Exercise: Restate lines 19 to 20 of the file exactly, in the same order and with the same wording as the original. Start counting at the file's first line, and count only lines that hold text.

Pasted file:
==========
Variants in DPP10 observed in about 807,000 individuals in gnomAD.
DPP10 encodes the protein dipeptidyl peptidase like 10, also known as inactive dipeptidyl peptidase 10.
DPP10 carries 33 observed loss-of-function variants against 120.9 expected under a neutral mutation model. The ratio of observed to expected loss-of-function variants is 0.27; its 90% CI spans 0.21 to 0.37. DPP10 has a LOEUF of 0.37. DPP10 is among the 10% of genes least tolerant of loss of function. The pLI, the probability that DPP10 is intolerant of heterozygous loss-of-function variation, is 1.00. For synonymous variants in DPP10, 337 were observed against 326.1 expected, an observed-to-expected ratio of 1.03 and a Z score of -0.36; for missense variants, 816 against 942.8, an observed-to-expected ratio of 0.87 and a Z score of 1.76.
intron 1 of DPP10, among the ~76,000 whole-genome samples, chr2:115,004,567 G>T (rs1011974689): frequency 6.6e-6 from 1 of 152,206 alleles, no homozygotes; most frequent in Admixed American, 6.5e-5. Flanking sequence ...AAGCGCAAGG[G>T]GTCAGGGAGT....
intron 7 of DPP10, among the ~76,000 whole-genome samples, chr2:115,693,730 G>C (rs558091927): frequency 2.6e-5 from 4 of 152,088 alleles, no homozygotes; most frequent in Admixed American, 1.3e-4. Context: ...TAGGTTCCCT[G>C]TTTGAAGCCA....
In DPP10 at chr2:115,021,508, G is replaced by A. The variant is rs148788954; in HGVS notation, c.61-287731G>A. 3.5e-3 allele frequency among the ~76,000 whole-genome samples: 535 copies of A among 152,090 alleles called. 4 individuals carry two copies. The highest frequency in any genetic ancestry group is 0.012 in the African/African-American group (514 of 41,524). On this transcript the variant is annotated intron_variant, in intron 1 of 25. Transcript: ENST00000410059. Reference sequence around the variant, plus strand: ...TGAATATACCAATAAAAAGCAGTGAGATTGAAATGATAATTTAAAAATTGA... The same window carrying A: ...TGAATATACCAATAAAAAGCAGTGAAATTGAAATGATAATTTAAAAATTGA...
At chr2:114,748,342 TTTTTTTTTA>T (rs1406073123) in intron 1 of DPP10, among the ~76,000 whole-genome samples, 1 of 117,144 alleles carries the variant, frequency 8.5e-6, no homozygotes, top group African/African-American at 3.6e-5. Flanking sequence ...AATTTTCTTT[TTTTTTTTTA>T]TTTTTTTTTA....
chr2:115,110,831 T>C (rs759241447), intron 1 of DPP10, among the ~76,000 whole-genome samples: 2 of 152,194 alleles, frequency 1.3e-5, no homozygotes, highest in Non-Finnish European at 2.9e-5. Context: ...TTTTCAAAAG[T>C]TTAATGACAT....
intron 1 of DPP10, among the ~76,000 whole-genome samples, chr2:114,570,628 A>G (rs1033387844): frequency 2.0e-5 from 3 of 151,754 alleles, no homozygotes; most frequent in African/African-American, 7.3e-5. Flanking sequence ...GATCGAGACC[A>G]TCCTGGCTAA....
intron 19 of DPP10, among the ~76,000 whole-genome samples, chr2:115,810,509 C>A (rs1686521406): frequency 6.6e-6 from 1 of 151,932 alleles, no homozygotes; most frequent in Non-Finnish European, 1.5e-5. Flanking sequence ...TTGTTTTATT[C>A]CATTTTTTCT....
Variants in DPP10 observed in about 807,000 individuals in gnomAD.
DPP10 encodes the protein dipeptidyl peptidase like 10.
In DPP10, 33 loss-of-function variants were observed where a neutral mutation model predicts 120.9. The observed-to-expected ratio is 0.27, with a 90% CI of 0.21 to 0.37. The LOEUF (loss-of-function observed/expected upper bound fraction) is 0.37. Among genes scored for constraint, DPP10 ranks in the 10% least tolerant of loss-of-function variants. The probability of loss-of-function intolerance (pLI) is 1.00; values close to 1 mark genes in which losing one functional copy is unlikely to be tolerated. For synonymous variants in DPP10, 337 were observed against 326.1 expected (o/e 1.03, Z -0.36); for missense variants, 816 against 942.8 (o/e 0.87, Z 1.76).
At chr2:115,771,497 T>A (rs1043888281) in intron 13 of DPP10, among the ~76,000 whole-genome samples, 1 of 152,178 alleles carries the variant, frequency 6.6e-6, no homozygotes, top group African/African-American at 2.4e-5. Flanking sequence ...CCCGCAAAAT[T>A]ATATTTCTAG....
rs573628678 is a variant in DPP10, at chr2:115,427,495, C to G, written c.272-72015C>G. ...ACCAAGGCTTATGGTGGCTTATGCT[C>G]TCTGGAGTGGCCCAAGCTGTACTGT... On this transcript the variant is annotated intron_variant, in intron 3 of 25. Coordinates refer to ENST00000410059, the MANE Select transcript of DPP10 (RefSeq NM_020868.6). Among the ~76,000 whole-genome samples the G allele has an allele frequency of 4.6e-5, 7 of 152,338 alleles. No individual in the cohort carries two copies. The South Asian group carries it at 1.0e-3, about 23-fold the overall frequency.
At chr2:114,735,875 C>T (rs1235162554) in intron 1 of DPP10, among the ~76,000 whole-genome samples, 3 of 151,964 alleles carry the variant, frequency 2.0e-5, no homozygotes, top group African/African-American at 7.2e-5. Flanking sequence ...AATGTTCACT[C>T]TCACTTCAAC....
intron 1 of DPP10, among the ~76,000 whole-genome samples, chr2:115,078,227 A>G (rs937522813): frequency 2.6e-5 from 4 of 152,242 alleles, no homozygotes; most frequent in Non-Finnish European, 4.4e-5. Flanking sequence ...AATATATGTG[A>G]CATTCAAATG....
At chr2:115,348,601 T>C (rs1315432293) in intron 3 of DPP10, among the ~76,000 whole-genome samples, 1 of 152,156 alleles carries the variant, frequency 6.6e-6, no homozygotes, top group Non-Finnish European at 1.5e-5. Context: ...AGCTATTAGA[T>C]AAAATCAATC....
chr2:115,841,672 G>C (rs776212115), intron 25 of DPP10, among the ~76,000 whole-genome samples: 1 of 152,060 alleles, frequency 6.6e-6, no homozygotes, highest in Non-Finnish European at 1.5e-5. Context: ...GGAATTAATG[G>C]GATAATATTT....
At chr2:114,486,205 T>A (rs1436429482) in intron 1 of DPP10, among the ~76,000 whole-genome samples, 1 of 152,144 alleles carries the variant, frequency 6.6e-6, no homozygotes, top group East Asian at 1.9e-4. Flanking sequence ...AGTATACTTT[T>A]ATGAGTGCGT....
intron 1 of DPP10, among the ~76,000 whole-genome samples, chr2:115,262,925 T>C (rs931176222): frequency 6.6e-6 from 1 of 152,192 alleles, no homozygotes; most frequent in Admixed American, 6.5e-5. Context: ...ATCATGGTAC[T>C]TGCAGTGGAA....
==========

chr2:115,841,672 G>C (rs776212115), intron 25 of DPP10, among the ~76,000 whole-genome samples: 1 of 152,060 alleles, frequency 6.6e-6, no homozygotes, highest in Non-Finnish European at 1.5e-5. Context: ...GGAATTAATG[G>C]GATAATATTT....
At chr2:114,486,205 T>A (rs1436429482) in intron 1 of DPP10, among the ~76,000 whole-genome samples, 1 of 152,144 alleles carries the variant, frequency 6.6e-6, no homozygotes, top group East Asian at 1.9e-4. Flanking sequence ...AGTATACTTT[T>A]ATGAGTGCGT....